Grim warning for pet owners to beware of tiny, dime-sized jellyfish after vet treated six dogs in a single day for horrifying symptoms including ‘violent vomiting’
- An alarming number of dogs are swallowing this poisonous sea creature.
- Symptoms include lip licking, fever, vomiting, and dark mucus.
- Veterinarians warn that they are hard to spot at only 2.5cm in diameter.
A vet issued an urgent warning to pet owners after treating a series of dogs that had eaten a dime-sized jellyfish, leaving them vomiting and shaking “profusely”.
In what is becoming an annual plague, dozens of blue button stingers washed up on the beaches of the Sunshine Coast last week and were eaten by unsuspecting canines.
Noosa vet Divya Nemani told the abc she had treated six dogs in a single day last Wednesday, the most she had seen in a single day.
“They all came in with very, very similar clinical signs,” he told the station.
“They had been on the beach and then 15 minutes into being on the beach, they started throwing up and then throwing up profusely.
Dogs tend to interact with any foreign objects they come across, which is why the blue buttons (pictured) are so dangerous during walks
Jan Bolton, a Peregian Beach resident, was one of those forced to take her furry friend to the clinic after seeing her Spoodle, Lily, swallow the coin-sized creature during a walk.
“Lily was doing this horrible howl and scream when she was trying to throw up,” Bolton told the network.
“The vet (who) also ended up giving him an antihistamine because he thought he might have had an allergic reaction.”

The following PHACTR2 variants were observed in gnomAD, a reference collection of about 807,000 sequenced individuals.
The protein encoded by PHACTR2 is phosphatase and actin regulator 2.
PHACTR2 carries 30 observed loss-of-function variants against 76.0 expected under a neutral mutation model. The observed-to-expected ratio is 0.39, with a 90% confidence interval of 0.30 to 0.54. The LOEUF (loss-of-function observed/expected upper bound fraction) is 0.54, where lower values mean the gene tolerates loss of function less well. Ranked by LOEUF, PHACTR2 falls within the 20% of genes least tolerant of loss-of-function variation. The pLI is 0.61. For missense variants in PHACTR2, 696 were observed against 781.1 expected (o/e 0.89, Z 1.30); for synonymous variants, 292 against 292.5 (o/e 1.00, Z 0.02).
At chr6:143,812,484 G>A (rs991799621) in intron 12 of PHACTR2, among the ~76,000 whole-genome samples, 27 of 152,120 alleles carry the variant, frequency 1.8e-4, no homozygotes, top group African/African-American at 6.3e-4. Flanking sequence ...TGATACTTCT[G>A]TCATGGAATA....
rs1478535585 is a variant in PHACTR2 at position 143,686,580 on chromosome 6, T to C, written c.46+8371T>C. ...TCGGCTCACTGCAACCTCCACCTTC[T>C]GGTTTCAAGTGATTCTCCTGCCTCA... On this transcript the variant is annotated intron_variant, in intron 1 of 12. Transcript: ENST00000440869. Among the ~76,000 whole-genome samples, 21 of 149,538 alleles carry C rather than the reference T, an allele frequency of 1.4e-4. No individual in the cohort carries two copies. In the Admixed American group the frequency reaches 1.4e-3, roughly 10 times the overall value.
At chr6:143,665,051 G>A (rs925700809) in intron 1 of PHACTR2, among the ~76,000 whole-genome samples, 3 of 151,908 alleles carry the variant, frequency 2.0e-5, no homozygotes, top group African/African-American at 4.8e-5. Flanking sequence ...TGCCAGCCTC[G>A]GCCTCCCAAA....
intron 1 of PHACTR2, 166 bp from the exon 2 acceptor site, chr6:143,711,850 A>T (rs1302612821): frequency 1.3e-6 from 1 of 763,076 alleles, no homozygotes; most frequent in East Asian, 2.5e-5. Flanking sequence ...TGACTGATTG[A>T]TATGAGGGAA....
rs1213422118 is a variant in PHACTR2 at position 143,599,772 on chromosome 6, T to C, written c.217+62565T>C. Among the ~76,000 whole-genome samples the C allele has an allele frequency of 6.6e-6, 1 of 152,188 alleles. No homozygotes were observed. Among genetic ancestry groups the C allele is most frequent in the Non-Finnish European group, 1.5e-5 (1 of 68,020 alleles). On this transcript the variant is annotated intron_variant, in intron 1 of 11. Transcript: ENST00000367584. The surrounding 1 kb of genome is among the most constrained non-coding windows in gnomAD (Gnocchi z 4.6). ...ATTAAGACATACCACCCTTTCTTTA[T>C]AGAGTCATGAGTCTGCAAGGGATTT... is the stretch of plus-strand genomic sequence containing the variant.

Typical symptoms of a dog that has eaten a blue button include lip licking, lethargy, excessive drooling, and fever, with some dogs developing dark mucus.
The large number of sick dogs Dr. Nemani saw in the past week led her to advise owners to clean their dogs’ mouths with a cloth if they interact with a blue button.
If symptoms develop, Dr. Nemani told owners to take their pets directly to the vet for treatment.
Local vet Divya Nemani (pictured) said her team had never treated so many blue button poisonings in a single day.
An emergency animal clinic in Noosa, Queensland (pictured) has told dog owners to be careful after an extraordinary day of work when six dogs were rushed in last Wednesday.
These latest cases follow a trend of dogs eating blue buttons as tropical climates, high tides, and strong coastal winds wash countless numbers of them onto beaches each summer.
Speaking to ABC more than a year ago, a nurse at Paradise Point warned owners not to walk their dogs on beaches where they might see the jellyfish-like creatures have washed up.
“We go through seasons where there are so many on the beaches (and) we just try to make sure that people avoid them, because dogs are known to eat anything they can find,” Nolan said at the time.
“The key is to get the dog to the vet within the first hour of eating something and just get over it as soon as possible.”
Symptoms to watch out for if your dog eats a blue stinger
Canines that accidentally swallow little blue buttons can be identified by watching for symptoms that include constant lip licking, drowsiness, lethargy, and excessive drooling.
More serious reactions to the bite can include the development of fever, incessant itching, nausea or vomiting, and dark mucus can sometimes ooze from the mouth and nose.